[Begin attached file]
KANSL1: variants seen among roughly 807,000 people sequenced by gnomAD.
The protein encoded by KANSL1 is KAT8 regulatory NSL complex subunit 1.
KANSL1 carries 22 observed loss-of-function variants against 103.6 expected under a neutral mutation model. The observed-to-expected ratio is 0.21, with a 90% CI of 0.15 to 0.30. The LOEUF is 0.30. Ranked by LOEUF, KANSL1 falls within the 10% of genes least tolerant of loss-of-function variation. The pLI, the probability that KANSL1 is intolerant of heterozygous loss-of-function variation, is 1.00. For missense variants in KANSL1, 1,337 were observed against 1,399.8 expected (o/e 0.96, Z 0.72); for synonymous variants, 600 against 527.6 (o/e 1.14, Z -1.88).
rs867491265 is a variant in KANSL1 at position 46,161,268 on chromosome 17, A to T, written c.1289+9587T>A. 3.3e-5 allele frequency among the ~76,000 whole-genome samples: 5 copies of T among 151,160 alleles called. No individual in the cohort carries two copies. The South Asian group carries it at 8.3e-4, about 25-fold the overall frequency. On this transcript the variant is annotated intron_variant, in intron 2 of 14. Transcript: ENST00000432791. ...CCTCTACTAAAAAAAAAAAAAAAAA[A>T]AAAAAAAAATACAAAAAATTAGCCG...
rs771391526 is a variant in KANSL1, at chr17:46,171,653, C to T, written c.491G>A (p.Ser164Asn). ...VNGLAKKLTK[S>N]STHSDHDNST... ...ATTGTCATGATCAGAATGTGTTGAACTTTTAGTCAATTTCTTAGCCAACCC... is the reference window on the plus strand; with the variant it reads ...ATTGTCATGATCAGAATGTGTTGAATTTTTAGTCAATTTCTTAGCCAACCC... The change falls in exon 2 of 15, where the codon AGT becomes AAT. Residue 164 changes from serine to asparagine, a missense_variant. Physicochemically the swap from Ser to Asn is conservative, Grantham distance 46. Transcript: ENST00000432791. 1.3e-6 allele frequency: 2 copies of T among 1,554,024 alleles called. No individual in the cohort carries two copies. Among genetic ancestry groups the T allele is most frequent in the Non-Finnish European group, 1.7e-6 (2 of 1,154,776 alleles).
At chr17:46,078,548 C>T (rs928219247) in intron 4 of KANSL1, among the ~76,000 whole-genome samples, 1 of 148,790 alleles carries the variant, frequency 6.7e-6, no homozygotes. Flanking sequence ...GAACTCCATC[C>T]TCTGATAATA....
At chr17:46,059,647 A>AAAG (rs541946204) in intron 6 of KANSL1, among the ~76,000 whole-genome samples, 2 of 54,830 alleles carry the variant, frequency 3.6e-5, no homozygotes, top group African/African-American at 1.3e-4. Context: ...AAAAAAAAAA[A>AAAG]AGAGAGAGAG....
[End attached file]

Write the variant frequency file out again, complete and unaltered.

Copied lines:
KANSL1: variants seen among roughly 807,000 people sequenced by gnomAD.
The protein encoded by KANSL1 is KAT8 regulatory NSL complex subunit 1.
KANSL1 carries 22 observed loss-of-function variants against 103.6 expected under a neutral mutation model. The observed-to-expected ratio is 0.21, with a 90% CI of 0.15 to 0.30. The LOEUF is 0.30. Ranked by LOEUF, KANSL1 falls within the 10% of genes least tolerant of loss-of-function variation. The pLI, the probability that KANSL1 is intolerant of heterozygous loss-of-function variation, is 1.00. For missense variants in KANSL1, 1,337 were observed against 1,399.8 expected (o/e 0.96, Z 0.72); for synonymous variants, 600 against 527.6 (o/e 1.14, Z -1.88).
rs867491265 is a variant in KANSL1 at position 46,161,268 on chromosome 17, A to T, written c.1289+9587T>A. 3.3e-5 allele frequency among the ~76,000 whole-genome samples: 5 copies of T among 151,160 alleles called. No individual in the cohort carries two copies. The South Asian group carries it at 8.3e-4, about 25-fold the overall frequency. On this transcript the variant is annotated intron_variant, in intron 2 of 14. Transcript: ENST00000432791. ...CCTCTACTAAAAAAAAAAAAAAAAA[A>T]AAAAAAAAATACAAAAAATTAGCCG...
rs771391526 is a variant in KANSL1, at chr17:46,171,653, C to T, written c.491G>A (p.Ser164Asn). ...VNGLAKKLTK[S>N]STHSDHDNST... ...ATTGTCATGATCAGAATGTGTTGAACTTTTAGTCAATTTCTTAGCCAACCC... is the reference window on the plus strand; with the variant it reads ...ATTGTCATGATCAGAATGTGTTGAATTTTTAGTCAATTTCTTAGCCAACCC... The change falls in exon 2 of 15, where the codon AGT becomes AAT. Residue 164 changes from serine to asparagine, a missense_variant. Physicochemically the swap from Ser to Asn is conservative, Grantham distance 46. Transcript: ENST00000432791. 1.3e-6 allele frequency: 2 copies of T among 1,554,024 alleles called. No individual in the cohort carries two copies. Among genetic ancestry groups the T allele is most frequent in the Non-Finnish European group, 1.7e-6 (2 of 1,154,776 alleles).
At chr17:46,078,548 C>T (rs928219247) in intron 4 of KANSL1, among the ~76,000 whole-genome samples, 1 of 148,790 alleles carries the variant, frequency 6.7e-6, no homozygotes. Flanking sequence ...GAACTCCATC[C>T]TCTGATAATA....
At chr17:46,059,647 A>AAAG (rs541946204) in intron 6 of KANSL1, among the ~76,000 whole-genome samples, 2 of 54,830 alleles carry the variant, frequency 3.6e-5, no homozygotes, top group African/African-American at 1.3e-4. Context: ...AAAAAAAAAA[A>AAAG]AGAGAGAGAG....